In my walk around a little beach community where we have a tiny house, I am amused by all of those old folks feeding birds.
Some of those old folks, in their retirement, have taken up bird-house building. Three-story English cottages, Berkeley bungalows, and modern metal Deco homes–sure to entice the most discriminating of birds–dangle from eaves in front of breakfast nooks.
Oh those poor souls, I muse. Souls without active lives anymore. Souls who can’t wait to awake at 5:00 am to retrieve their morning Tribune, pour their cup of Folgers, and watch the birds chittering and tittering, from cottage to bungalow to Deco.
In that same beach town, on my usual walk with my dog tugging at her leash, her keen peripheral vision scanning from left to right for a pretzel or chip crumb, I crinkle my eyes, hidden under enormous sunglasses, and secretly smile at the collection of windmills, tchotchkys, and feel-good signs in these old folks’ gardens.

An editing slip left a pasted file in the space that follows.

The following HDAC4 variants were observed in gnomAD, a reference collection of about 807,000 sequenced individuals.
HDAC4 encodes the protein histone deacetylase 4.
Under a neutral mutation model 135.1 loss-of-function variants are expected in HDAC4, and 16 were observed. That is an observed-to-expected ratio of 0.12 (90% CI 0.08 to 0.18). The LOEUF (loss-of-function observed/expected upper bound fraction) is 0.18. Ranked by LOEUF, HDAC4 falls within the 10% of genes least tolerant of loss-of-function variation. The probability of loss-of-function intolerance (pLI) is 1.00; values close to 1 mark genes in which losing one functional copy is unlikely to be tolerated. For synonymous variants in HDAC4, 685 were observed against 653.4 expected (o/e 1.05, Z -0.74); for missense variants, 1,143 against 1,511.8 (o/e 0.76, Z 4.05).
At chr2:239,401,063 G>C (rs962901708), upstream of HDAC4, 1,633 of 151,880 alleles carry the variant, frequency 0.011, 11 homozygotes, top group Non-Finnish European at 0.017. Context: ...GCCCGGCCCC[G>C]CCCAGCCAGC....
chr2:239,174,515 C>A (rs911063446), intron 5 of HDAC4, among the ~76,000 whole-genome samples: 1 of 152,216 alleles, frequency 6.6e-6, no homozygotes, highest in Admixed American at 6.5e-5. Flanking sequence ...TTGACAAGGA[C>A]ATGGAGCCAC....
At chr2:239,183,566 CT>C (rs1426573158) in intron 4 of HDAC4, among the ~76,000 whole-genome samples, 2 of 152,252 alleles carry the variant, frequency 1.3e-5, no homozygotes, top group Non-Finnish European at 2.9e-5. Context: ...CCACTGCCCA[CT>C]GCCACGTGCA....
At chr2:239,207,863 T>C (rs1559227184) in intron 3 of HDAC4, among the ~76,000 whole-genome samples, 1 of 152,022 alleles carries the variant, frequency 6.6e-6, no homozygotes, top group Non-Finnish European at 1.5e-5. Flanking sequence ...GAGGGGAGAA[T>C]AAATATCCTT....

Welcome to Gramma’s Garden, Life’s a Beach, Relax!
Good God, I thought. Is this what it is like to get old?
Last night, the San Francisco Bay Area experienced a serious 6.0 earthquake. Although not on my fault line–the one that our home sits directly upon–the Hayward Fault line of the mighty San Andreas Fault, the temblor rattled every dish and glass in the house, awaking me from a deep sleep at 3:20 am. The dog barked.
I jumped out of bed with a start since my husband was not home.
I ran down the stairs and outside to our patio to make sure that my decorative glass hummingbird feeders had not fallen off their hooks.
Luckily the fresh bird-seed I had just purchased to fill my little nuthatch, junco, and finch feeder had not tipped off the counter, sending 20 pounds of cracked sunflower seeds onto the floor of my kitchen.
As I trundled back up the stairs in the dead of night, I glanced out our front door to see that the Welcome sign was still vertical.
All is well, dear.